An exhibition of Robert Bordo’s recent paintings will open on March 16th at Alexander and Bonin. In these works, Bordo supplements atmosphere with graphic, explicit painting in which colors are darker in tone, line and space are rendered thick and the landscape is saturated with the residue of use and habitation.
Some of these works seek to balance formal concerns relating to color and mass with the symbolic resonance of dirt, mounds, and hills. Others depict the landscape as it is obscured through the windows of a moving car, employing the metaphors of compressed time and distorted memory. Through these recent paintings we see the artist’s increasing interest in allegory, particularly by way of the intercession of objects; a shovel in one mound, a crown on another. Both Dial, 2012 and the evocatively titled The Future, 2012 are effectively obliterated by crescent-shaped swipes, reminiscent of a car’s windshield wiper; the mechanism meant to clear one’s view becomes a vehicle of complexity and commentary. In this way, the landscape comes to resemble its mediation - having been manipulated and enclosed by the viewer in its midst.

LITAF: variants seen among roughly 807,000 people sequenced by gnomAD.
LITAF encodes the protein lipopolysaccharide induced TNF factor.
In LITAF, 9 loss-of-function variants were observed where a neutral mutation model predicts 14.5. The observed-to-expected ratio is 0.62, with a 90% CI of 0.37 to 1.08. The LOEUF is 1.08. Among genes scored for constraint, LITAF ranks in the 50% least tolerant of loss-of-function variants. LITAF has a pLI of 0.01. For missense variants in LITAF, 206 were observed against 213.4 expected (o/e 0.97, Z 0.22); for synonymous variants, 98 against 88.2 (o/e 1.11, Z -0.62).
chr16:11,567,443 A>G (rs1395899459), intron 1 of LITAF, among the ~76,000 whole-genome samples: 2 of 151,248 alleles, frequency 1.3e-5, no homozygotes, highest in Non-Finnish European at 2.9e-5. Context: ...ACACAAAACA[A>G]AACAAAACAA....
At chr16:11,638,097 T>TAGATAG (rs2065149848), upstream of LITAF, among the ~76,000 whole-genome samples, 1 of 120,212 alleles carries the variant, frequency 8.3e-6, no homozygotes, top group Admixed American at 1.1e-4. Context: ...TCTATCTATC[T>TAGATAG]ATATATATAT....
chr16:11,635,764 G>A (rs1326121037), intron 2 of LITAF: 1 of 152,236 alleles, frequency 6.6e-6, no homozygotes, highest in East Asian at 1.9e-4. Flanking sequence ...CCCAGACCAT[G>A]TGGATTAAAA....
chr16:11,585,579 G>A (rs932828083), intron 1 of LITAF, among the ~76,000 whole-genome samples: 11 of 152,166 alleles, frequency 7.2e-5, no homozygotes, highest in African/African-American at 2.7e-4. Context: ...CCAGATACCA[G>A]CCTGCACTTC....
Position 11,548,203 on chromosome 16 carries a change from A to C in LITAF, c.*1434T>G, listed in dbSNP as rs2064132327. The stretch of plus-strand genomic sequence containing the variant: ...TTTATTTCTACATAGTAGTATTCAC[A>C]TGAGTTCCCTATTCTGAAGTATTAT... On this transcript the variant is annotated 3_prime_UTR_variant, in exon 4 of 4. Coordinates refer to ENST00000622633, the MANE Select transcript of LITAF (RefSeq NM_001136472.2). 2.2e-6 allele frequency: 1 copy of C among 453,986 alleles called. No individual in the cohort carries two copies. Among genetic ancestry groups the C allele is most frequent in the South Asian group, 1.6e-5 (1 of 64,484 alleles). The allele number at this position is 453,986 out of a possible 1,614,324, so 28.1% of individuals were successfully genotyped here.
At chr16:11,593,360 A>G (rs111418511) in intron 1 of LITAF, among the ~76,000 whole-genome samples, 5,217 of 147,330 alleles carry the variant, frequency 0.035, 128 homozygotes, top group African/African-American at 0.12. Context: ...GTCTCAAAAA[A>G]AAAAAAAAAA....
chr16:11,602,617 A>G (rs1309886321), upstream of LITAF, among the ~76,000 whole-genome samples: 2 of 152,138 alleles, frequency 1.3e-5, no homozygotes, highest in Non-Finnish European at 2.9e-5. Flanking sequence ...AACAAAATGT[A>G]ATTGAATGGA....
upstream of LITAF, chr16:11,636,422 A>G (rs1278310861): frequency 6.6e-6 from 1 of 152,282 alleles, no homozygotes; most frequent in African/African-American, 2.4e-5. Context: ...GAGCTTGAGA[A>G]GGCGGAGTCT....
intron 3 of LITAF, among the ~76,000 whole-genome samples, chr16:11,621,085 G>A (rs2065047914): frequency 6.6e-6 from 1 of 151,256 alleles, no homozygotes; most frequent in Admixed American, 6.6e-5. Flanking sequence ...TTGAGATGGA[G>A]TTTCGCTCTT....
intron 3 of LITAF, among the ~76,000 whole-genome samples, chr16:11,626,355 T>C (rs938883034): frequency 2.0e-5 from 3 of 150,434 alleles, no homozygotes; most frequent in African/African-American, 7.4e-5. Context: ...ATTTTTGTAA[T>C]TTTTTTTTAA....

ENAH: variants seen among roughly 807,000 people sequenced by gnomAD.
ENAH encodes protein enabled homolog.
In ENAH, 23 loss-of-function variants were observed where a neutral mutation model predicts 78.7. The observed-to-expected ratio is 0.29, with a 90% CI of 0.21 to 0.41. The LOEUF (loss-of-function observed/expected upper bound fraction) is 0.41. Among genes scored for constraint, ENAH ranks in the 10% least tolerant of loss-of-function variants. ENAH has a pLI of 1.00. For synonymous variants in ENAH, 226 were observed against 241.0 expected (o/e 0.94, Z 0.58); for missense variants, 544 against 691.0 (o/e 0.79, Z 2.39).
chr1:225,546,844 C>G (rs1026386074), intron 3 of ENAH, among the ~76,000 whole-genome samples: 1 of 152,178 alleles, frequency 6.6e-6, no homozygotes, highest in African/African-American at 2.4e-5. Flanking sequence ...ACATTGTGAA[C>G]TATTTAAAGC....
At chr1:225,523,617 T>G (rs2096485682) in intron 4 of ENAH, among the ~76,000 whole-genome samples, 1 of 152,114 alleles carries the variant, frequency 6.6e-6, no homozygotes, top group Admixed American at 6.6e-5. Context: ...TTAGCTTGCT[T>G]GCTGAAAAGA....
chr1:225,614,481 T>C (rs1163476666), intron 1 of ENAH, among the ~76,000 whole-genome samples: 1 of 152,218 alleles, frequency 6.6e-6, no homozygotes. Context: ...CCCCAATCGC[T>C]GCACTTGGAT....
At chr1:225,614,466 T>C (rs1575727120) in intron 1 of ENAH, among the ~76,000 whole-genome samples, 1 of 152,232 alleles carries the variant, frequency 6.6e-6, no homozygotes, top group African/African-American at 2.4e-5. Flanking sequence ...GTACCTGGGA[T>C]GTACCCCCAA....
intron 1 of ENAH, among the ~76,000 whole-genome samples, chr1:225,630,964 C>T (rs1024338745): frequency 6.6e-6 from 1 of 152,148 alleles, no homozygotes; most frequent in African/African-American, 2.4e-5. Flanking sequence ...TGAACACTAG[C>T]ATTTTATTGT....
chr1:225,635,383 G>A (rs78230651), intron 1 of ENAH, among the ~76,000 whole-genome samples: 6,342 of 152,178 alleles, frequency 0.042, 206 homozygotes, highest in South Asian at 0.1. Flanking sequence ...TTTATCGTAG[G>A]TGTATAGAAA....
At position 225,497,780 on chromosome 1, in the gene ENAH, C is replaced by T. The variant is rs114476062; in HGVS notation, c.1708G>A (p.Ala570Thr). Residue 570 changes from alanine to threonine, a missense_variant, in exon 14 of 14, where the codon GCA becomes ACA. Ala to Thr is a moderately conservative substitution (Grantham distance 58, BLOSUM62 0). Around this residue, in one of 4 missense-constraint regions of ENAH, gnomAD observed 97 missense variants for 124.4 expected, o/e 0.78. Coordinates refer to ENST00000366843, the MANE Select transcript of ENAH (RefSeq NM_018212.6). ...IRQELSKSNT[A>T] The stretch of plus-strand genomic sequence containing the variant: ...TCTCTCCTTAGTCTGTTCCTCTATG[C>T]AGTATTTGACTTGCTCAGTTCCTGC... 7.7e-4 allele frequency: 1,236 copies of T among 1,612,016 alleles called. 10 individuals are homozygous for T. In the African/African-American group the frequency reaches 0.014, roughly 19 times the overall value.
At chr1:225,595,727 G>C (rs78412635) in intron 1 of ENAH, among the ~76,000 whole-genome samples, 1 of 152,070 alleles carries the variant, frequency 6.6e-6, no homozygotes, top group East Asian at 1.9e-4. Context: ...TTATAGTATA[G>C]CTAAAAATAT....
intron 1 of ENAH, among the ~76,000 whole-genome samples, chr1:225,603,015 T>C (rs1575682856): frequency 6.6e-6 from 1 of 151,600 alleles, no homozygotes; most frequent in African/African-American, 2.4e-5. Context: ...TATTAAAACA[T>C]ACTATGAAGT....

When asked in a recent interview about the painting titled Mogul, 2012, Bordo had this to say, “I was thinking about the pile in the painting as a kind of naked, cartoon landscape. I was also thinking a lot about the intense social and political conditions we’ve experienced since 2008. So Mogul refers to a rich and powerful man or woman and also to a pile of mud, a morass.” As such, Bordo’s new paintings seek to address painting’s political and metaphorical capacities through a dream-like series of associations. They comingle images of the green hills of upstate New York with the tumultuous existential uncertainty of the city, just two hour’s drive to the south. They more directly connect the messy work of painting with the life and labor built into our environment.
Robert Bordo was born in Montreal and has lived in New York since 1972. He has been a Professor of Painting at Cooper Union since 1995. In the late 80s and early 90s his work was the subject of several one-person exhibitions at Brooke Alexander, New York. Subsequently he has exhibited with Alexander and Bonin, New York; Galerie René Blouin, Montreal; Mummery + Schnelle, London and Rubicon Gallery, Dublin. He was awarded a Solomon R. Guggenheim Foundation Fellowship in 2007. Robert Bordo has designed several sets for the Mark Morris Dance Group including the 2012 production of Dido and Aeneas at the Lincoln Center of Performing Arts.
An illustrated brochure with a conversation between the artist and Cameron Martin will be published to accompany the exhibition.